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Olivia Rodrigo’s debut album ‘Sour’ - Review

Olivia Rodrigo's debut album 'Sour' has been out for less than a week and is already making history. The diversity of sounds and quality of her lyricism should be applauded.

By Holly Beaumont, Co-Editor-In-Chief

Olivia Rodrigo, recently 18, has become the youngest female artist to place all her tracks in the top 20 of the Global Spotify charts, with her debut album Sour.

She burst onto the scene in January this year with her single ‘Driver’s License’, which persisted at #1 on the UK chart for nine consecutive weeks – breaking the UK record. While some might be quick to dismiss her as merely a Disney star who only sings heartbreak ballads, the quality of the lyricism, diversity of sounds and raw authenticity of emotion on her debut album, Sour, should make them think twice.

Rodrigo has set the precedent at the start of her career that she will not conform to the typical censored and clean-cut Disney-star template. Her biggest inspiration, Taylor Swift, did not use explicit language in a song until her eighth studio album, Folklore, by then she was 30. By comparison, Rodrigo has defied these ‘good girl’ expectations, with six out of the eleven tracks on her debut work marked ‘Explicit’.

She joins others, such as Arlo Parks and Lorde, in a bid to be thoroughly candid and raw about her experiences. She is uncomfortably honest, with lyrics like ‘Stupid, emotional, obsessive little me, I knew from the start this is exactly how you’d leave.’ That she does not shy away from conveying the extent of her anguish shows Rodrigo as relatable to her (mostly) younger fans. When asked in an interview with YouTube Releases, ‘What does the rest of 2021 have in store for you?’ she replied, ‘I have to graduate high school... which is so exciting.’ Despite her extraordinary life since the release of ‘Driver’s License’, she somehow comes across as a normal teenager.

Navigating the immeasurable pain of a teenage break-up, Rodrigo explores several different sounds from different genres to capture the various stages of heartbreak, specifically, pop, pop-punk, alt-pop and piano ballads.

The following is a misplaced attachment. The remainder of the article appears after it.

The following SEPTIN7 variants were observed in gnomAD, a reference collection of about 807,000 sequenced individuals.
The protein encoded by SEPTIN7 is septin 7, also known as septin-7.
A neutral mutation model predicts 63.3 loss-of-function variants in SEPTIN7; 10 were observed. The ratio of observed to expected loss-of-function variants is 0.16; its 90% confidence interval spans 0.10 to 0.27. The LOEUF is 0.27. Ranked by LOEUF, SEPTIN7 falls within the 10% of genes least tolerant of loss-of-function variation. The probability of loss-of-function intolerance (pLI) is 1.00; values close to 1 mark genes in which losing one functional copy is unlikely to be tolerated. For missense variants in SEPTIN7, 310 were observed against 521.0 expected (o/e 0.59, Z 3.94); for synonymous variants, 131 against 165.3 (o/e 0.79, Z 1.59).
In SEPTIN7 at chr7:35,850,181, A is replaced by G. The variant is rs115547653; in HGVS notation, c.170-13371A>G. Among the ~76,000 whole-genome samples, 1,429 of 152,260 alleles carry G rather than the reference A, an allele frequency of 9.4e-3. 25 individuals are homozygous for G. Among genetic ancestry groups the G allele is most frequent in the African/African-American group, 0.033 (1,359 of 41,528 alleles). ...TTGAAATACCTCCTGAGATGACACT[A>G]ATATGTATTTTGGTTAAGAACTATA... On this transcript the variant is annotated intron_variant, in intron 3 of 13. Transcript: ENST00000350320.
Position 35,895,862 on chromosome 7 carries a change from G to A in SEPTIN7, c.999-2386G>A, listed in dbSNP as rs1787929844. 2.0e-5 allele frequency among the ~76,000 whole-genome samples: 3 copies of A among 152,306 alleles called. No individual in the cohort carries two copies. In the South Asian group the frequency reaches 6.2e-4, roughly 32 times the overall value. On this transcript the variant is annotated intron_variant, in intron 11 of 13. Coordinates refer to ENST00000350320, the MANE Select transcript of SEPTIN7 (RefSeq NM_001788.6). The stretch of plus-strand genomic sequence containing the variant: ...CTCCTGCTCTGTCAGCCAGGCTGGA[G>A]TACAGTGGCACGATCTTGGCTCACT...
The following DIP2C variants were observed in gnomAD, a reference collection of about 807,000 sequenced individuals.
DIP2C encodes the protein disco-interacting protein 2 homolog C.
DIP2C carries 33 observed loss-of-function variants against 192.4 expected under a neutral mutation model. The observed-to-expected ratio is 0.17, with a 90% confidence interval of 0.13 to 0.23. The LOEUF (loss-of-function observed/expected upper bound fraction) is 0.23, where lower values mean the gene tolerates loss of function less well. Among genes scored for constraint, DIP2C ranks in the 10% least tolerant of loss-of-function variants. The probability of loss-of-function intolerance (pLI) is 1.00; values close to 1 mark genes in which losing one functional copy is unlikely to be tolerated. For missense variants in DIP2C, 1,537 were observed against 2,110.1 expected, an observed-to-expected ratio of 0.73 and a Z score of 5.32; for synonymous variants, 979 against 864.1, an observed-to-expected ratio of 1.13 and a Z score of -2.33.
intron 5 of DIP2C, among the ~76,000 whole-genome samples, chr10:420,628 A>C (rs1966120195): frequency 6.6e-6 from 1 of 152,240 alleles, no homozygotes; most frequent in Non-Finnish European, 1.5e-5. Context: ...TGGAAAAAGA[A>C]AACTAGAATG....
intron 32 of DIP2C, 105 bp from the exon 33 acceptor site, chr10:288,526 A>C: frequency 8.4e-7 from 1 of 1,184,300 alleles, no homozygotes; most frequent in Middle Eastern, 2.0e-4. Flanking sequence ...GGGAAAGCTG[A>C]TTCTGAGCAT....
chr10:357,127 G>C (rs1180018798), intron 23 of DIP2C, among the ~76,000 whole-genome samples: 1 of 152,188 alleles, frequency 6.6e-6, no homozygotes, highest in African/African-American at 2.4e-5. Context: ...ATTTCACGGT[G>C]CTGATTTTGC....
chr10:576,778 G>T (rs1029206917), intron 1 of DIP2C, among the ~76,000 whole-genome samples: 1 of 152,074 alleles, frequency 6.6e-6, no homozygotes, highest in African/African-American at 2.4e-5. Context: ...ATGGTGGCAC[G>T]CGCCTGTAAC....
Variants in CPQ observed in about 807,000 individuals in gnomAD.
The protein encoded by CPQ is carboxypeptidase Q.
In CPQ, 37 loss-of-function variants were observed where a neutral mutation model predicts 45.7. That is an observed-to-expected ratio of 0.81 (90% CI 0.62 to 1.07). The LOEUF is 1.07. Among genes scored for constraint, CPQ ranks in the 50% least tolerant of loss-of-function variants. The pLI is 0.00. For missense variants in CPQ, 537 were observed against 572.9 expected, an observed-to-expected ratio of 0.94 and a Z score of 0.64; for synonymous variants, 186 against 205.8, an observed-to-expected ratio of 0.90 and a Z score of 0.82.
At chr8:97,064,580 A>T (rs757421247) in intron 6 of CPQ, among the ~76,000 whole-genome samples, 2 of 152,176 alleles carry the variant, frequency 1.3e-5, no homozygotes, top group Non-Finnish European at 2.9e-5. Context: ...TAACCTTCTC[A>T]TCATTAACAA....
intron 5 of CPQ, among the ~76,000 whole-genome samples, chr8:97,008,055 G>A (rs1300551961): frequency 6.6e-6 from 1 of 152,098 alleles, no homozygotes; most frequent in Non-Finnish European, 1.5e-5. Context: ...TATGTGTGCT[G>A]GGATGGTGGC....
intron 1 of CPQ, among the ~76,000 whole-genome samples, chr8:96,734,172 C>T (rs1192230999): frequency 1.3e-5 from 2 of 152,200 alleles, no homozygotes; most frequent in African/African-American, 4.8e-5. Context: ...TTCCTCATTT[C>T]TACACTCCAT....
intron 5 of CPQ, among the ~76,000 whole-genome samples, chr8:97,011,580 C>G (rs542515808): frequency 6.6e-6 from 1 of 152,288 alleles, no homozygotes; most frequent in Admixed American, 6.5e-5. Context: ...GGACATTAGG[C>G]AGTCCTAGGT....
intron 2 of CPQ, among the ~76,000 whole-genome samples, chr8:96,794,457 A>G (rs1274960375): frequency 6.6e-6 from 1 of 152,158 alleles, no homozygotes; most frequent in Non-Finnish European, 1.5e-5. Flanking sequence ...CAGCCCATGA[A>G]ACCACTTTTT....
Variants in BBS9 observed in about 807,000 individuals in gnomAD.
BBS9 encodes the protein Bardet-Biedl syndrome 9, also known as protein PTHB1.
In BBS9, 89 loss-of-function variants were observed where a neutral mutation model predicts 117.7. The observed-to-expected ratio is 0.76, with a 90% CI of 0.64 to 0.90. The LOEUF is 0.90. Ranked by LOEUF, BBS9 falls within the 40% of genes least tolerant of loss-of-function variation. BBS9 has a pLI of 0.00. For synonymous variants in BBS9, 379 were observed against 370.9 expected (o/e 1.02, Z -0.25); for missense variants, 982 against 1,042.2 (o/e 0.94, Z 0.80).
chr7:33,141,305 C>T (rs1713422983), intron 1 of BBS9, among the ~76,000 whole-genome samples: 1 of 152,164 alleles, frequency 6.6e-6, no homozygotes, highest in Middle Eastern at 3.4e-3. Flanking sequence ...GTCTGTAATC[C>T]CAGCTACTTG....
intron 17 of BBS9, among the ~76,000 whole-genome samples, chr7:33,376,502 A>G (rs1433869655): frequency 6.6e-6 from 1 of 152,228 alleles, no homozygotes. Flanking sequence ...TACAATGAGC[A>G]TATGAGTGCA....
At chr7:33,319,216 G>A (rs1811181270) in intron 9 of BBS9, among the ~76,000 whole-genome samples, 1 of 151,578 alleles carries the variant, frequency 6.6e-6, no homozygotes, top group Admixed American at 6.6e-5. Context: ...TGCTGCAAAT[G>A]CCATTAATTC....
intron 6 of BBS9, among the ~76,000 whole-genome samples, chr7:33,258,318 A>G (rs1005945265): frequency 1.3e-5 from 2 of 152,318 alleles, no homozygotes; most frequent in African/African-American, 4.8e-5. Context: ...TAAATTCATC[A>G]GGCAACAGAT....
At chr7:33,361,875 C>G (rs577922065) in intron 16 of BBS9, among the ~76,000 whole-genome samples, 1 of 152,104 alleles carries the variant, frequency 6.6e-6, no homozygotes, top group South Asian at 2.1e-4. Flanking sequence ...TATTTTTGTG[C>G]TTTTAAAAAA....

Sour starts with a bang. Track 1, ‘Brutal’, will take even her most loyal fans by surprise. Beginning with her saying, ‘I want it to be, like, messy’, it is just that, but in a positive way. She outlines all the aspects of teen angst that we still feel well into our 20’s. With sentiments like, ‘If someone tells me one more time “Enjoy your youth” I’m gonna cry’, she captures those soul-crushing feelings, summed up by the line, ‘God, it’s brutal out here.’ The dominant drums and belting tone of the chorus are reminiscent of 90’s punk, capturing a different sound to the rest of the album, yet still aligning with the overriding message that late teenhood sucks.

Pop-punk single, 'Good 4 U', bears striking similarity with early 2000’s Paramore. The song both captures the heart-wrenching torture of suffering while the person who caused your pain is seemingly fine, and the positive point of a break-up in which you feel rage and can call your ex a ‘sociopath.' The bridge is a highlight of the whole album, with the glorious beat drop following the quiet of just Rodrigo’s voice with a softened, strummed guitar. This creates suspense for the drop in which she belts ‘Good 4 you, you’re doing great out there without me / Baby, like a damn sociopath!’

The predominant sound of the album is, however, piano and guitar ballads in which she bares her soul shamelessly. For me, highlights include ‘Traitor’, ’Happier’ and ‘Enough for You.’

It is probable that Rodrigo will be in the running for the ‘Best New Artist’ award at The Grammy’s next year - so watch this space and in the meantime, have a cry to Sour.

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Featured Image:Courtesy of Chuff Media

Have you listened to Sour yet?